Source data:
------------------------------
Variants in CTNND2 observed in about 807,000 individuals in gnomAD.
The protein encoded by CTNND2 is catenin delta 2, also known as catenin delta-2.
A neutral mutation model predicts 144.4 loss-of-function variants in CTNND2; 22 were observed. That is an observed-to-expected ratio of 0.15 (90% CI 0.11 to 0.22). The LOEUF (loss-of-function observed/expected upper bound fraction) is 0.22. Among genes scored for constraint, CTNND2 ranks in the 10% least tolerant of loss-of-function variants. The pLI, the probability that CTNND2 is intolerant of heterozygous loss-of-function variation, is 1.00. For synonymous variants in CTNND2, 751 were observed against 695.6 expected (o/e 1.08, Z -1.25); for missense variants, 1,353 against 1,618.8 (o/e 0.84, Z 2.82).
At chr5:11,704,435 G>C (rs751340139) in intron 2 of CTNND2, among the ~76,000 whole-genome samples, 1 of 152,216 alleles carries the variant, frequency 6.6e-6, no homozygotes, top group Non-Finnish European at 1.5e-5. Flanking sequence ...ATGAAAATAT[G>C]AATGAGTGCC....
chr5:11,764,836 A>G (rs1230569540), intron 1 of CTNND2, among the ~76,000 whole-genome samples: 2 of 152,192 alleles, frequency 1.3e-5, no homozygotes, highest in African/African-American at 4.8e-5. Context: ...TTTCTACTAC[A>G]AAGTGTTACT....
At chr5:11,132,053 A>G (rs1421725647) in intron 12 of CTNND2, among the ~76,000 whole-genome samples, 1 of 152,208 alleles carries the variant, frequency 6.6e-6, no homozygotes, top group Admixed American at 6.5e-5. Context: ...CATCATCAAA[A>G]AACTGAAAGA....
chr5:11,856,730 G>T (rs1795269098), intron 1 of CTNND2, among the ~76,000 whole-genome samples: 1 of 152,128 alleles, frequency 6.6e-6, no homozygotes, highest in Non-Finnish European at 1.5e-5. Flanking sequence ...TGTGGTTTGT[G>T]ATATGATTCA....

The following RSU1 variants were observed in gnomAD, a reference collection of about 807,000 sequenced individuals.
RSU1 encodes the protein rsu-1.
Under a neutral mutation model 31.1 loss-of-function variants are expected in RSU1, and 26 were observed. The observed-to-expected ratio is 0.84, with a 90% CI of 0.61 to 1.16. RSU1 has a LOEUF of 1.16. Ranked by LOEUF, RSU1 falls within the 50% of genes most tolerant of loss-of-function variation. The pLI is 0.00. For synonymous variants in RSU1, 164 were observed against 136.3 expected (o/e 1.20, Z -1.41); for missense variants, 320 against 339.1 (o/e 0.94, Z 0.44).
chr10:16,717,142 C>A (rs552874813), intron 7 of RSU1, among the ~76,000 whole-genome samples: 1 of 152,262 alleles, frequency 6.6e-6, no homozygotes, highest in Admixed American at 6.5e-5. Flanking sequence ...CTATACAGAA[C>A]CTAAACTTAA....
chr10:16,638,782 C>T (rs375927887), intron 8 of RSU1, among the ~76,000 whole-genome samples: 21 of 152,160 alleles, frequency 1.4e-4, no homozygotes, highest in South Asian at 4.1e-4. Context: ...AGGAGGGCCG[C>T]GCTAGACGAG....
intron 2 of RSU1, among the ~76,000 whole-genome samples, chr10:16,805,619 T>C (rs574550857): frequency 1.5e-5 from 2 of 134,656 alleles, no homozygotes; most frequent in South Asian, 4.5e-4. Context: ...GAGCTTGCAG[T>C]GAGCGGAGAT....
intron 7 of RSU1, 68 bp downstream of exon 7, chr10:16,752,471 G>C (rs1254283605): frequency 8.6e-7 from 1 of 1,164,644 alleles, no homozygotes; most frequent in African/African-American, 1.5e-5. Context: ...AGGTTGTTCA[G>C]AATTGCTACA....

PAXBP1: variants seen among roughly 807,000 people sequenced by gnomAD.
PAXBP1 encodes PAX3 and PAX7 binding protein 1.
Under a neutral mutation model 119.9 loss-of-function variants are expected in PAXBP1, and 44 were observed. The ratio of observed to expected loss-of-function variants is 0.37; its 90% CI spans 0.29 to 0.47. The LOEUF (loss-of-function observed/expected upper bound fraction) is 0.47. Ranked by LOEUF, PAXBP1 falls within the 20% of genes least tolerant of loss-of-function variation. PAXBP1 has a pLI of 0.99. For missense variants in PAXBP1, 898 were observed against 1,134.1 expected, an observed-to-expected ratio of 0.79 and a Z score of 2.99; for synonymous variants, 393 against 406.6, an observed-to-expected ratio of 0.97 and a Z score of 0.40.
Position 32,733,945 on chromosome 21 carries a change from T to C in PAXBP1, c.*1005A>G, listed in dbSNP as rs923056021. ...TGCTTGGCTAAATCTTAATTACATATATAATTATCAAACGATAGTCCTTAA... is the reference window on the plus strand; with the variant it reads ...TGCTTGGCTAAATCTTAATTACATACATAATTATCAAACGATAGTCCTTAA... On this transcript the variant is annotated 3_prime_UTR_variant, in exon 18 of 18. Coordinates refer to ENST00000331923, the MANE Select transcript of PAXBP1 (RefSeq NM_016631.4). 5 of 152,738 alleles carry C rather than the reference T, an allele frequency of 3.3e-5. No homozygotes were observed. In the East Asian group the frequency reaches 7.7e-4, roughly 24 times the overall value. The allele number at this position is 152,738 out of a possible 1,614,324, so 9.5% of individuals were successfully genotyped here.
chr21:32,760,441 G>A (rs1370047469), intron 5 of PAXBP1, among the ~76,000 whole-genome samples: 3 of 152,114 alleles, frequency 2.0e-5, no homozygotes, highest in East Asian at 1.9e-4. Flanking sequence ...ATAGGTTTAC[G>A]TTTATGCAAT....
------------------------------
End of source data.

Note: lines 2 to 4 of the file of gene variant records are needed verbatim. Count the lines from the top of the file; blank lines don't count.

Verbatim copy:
The protein encoded by CTNND2 is catenin delta 2, also known as catenin delta-2.
A neutral mutation model predicts 144.4 loss-of-function variants in CTNND2; 22 were observed. That is an observed-to-expected ratio of 0.15 (90% CI 0.11 to 0.22). The LOEUF (loss-of-function observed/expected upper bound fraction) is 0.22. Among genes scored for constraint, CTNND2 ranks in the 10% least tolerant of loss-of-function variants. The pLI, the probability that CTNND2 is intolerant of heterozygous loss-of-function variation, is 1.00. For synonymous variants in CTNND2, 751 were observed against 695.6 expected (o/e 1.08, Z -1.25); for missense variants, 1,353 against 1,618.8 (o/e 0.84, Z 2.82).
At chr5:11,704,435 G>C (rs751340139) in intron 2 of CTNND2, among the ~76,000 whole-genome samples, 1 of 152,216 alleles carries the variant, frequency 6.6e-6, no homozygotes, top group Non-Finnish European at 1.5e-5. Flanking sequence ...ATGAAAATAT[G>C]AATGAGTGCC....